Thursday, May 16, 2013

Post from the Past: Forgive us our Trespasses

Still running my reflections first published in 2005 for a class; the book cited was one of the texts.  Original post here.

And forgive us our trespasses as we forgive...
Now Jesus brings it home. We do not get off the hook: we are involved in the answer to our prayer. “As we forgive.” Are we asking God, the infinite “Creator alme siderum,” to be reduced to our level, to restrict forgiveness to our own limited reach? That can hardly be possible. God “gives the gift of the Spirit without measure” (cf. Jn. 3:34). But how do our limits effectively prevent us from receiving the full extent of mercy God offers? How can God’s forgiveness reach someone who has closed his or her heart to a neighbor who needs forgiveness (cf. 1 Jn. 3:17)?

As with the Bread of Life discourse, “this is a hard saying: who can accept it?” (cf. Jn. 6:60). But the Lord’s Prayer invites us to an examen of consciousness. Those who “find God in all things” can even find the hand of divine mercy and goodness in human experiences of injustice, ill-will, cruelty or (perhaps hardest of all to deal with) unmitigated stupidity. The attempt to move toward forgiveness is fraught with risk. As the Ulanovs remarked, “When we pray for our enemy…we feel again all the hurt and anger and anguish gathered around that person. Yet we pray that God’s good will may operate in the situation, and in that person” (Primary Speech, p. 43). What a remarkable thing this is! In our own prayer, we are turning evil to good. Forgiveness becomes a form of the “complete gift of self” in an emptying of our false self—the self that would cling to the injustices we have suffered, rather than allow them to be transformed. But it is an ongoing journey toward “total inner transformation,” a journey on which we set out 70 X 7 times; that is, as C. S. Lewis commented, every time we remember the offense or its harm revisits us.  And every time we do this, our own hearts are opened to receive a fuller measure of God’s love in the form of forgiveness of our trespasses.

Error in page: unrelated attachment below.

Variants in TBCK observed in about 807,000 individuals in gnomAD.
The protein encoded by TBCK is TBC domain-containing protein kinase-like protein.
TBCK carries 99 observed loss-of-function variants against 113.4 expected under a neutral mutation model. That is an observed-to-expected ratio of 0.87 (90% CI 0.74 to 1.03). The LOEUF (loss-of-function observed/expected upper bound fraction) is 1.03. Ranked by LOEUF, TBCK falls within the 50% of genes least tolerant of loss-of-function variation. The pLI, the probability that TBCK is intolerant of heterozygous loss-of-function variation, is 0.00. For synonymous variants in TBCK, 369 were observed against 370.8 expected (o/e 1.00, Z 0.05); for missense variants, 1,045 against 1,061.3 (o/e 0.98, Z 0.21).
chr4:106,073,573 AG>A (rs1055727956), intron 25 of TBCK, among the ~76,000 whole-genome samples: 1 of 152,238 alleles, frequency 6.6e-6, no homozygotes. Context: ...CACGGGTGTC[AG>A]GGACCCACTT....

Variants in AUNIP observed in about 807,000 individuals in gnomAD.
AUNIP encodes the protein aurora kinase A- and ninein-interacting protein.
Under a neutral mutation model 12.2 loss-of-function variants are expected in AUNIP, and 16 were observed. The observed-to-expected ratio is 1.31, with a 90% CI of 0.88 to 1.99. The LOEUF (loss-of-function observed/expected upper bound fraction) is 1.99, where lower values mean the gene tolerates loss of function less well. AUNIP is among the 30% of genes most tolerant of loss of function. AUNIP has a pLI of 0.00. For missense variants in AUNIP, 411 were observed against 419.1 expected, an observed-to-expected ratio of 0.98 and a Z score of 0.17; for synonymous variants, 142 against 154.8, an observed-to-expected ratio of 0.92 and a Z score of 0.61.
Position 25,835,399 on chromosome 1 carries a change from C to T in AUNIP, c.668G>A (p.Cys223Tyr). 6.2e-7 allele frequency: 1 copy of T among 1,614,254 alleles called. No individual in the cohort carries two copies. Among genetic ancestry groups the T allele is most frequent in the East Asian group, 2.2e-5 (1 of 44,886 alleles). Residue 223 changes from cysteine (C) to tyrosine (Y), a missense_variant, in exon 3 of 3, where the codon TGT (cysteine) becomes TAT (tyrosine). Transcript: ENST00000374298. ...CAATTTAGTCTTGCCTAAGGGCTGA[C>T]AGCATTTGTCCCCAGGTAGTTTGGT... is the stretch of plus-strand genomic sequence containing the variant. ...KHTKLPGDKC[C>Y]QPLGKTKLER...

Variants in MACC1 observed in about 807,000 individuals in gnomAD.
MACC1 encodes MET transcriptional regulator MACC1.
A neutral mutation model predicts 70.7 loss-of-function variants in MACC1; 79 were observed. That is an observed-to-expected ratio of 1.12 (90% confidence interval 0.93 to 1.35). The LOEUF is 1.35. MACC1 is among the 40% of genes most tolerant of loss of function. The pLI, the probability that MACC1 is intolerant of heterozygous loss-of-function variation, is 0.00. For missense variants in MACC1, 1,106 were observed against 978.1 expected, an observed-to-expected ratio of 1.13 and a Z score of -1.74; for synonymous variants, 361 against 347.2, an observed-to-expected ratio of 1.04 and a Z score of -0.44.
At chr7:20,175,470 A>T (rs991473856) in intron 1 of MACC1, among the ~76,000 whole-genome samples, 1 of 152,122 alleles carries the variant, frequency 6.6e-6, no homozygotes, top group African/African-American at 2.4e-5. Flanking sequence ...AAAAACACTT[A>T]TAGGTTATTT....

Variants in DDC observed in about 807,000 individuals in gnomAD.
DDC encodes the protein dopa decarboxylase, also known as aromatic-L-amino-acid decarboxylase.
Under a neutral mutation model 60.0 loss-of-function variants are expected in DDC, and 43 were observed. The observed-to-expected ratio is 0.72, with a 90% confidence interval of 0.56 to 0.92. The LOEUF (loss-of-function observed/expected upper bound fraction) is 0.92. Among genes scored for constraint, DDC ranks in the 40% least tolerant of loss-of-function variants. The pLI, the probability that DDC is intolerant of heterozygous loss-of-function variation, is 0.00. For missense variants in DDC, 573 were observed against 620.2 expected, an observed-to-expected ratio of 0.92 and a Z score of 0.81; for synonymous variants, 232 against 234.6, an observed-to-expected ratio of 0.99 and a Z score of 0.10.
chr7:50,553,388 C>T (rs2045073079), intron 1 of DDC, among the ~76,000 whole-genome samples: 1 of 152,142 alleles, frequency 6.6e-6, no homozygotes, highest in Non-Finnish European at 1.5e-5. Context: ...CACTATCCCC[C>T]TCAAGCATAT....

Rather than focusing on the immediate source of their suffering in the neighbor who hurt them, Christian witnesses throughout history have been awed by the mysterious presence of providence making all things work together for good. This vision offered them an angle that, while not at all diminishing the real evil of the offense, revealed it as relative and contingent. Evil cannot have its full impact if I do not absorb it and make it a part of me. In spite of itself, that evil “works for good” (cf. Rom. 8:28). And when we have seen the power of God at work for good in the sins and trespasses of others against us, we no longer have to hold on to our own sins to shield us from grace. We can allow them, too, to “work for good.” We can allow God to “forgive us our trespasses as we forgive those who trespass against us.”

Earlier posts in this series:
Our Father, Who Art in Heaven
Hallowed be Thy Name
Thy Kingdom Come
Thy Will be Done on Earth...
Give Us this Day

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